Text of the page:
2-5 Color: red, blue
3-6 Color: blue, red
3-8 Color: blue, red
1-8 Color: blue, red
5-8 Color: blue, red
1-6 Color: blue, red

8 nodes, 12 edges, 2 colors.

Colors for the graph named Ex4:
1-7 Color: blue, red
2-7 Color: blue, red
4-7 Color: blue, red
4-5 Color: blue, red
4-6 Color: blue, red
2-5 Color: blue, red
2-8 Color: blue, red
3-5 Color: blue, red
3-6 Color: blue, red
3-8 Color: blue, red
1-8 Color: blue, red
1-6 Color: blue, red

8 nodes, 12 edges, 2 colors.
```

## Phix

Exhaustive search, trims search space to < best so far, newused improves on unique().
Many more examples/testing would be needed before I would trust this the tiniest bit.
NB: As per talk page, when writing this I did not remotely imagine it might be used on over 400,000 nodes with over 3 million links...

`-- demo\rosetta\Graph_colouring.exwconstant tests = split("""0-1 1-2 2-0 31-6 1-7 1-8 2-5 2-7 2-8 3-5 3-6 3-8 4-5 4-6 4-71-4 1-6 1-8 3-2 3-6 3-8 5-2 5-4 5-8 7-2 7-4 7-61-6 7-1 8-1 5-2 2-7 2-8 3-5 6-3 3-8 4-5 4-6 4-7""","\n",true) function colour(sequence nodes, links, colours, soln, integer best, next, used=0)-- fill/try each colours[next], recursing as rqd and saving any improvements.-- nodes/links are read-only here, colours is the main workspace, soln/best are-- the results, next is 1..length(nodes), and used is length(unique(colours)).-- On really big graphs I might consider making nodes..best static, esp colours,-- in which case you will probably also want a "colours[next] = 0" reset below.    integer c = 1    while c<best do        bool avail = true        for i=1 to length(links[next]) do            if colours[links[next][i]]==c then                avail = false                exit            end if        end for        if avail then            colours[next] = c            integer newused = used + (find(c,colours)==next)            if next<length(nodes) then                {best,soln} = colour(nodes,links,colours,soln,best,next+1,newused)            elsif newused<best then                {best,soln} = {newused,colours}            end if        end if        c += 1    end while    return {best,soln}end function     function add_node(sequence nodes, links, string n)    integer rdx = find(n,nodes)    if rdx=0 then        nodes = append(nodes,n)        links = append(links,{})        rdx = length(nodes)    end if    return {nodes, links, rdx}end function for t=1 to length(tests) do    string tt = tests[t]    sequence lt = split(tt," "),             nodes = {},             links = {}    integer linkcount = 0, left, right    for l=1 to length(lt) do        sequence ll = split(lt[l],"-")        {nodes, links, left} = add_node(nodes,links,ll[1])        if length(ll)=2 then            {nodes, links, right} = add_node(nodes,links,ll[2])            links[left] &= right            links[right] &= left            linkcount += 1        end if    end for    integer ln = length(nodes)    printf(1,"test%d: %d nodes, %d edges, ",{t,ln,linkcount})    sequence colours = repeat(0,ln),             soln = tagset(ln) -- fallback solution    integer next = 1, best = ln    printf(1,"%d colours:%v\n",colour(nodes,links,colours,soln,best,next))end for`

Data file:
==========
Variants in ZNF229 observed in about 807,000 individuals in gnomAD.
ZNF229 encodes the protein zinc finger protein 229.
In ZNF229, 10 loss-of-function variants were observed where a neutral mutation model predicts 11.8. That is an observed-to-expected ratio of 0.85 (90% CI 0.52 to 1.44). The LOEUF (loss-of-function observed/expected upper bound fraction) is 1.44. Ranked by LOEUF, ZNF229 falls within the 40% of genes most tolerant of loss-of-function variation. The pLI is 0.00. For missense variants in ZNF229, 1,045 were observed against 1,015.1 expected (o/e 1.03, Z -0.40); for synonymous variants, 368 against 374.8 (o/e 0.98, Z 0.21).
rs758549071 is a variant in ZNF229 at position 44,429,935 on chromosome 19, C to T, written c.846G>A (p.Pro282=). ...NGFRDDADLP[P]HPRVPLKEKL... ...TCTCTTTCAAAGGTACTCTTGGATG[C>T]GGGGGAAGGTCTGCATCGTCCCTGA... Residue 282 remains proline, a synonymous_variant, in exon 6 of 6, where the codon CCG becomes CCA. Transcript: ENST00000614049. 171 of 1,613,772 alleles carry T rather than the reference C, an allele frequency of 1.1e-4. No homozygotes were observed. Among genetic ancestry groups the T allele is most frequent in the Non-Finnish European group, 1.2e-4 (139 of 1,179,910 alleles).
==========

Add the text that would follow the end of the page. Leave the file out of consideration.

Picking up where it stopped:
Output:
```test1: 4 nodes, 3 edges, 3 colours:{1,2,3,1}
test2: 8 nodes, 12 edges, 2 colours:{1,2,2,2,1,2,1,1}
test3: 8 nodes, 12 edges, 2 colours:{1,2,2,2,1,2,1,1}
test4: 8 nodes, 12 edges, 2 colours:{1,2,2,2,2,1,1,1}
```

## Python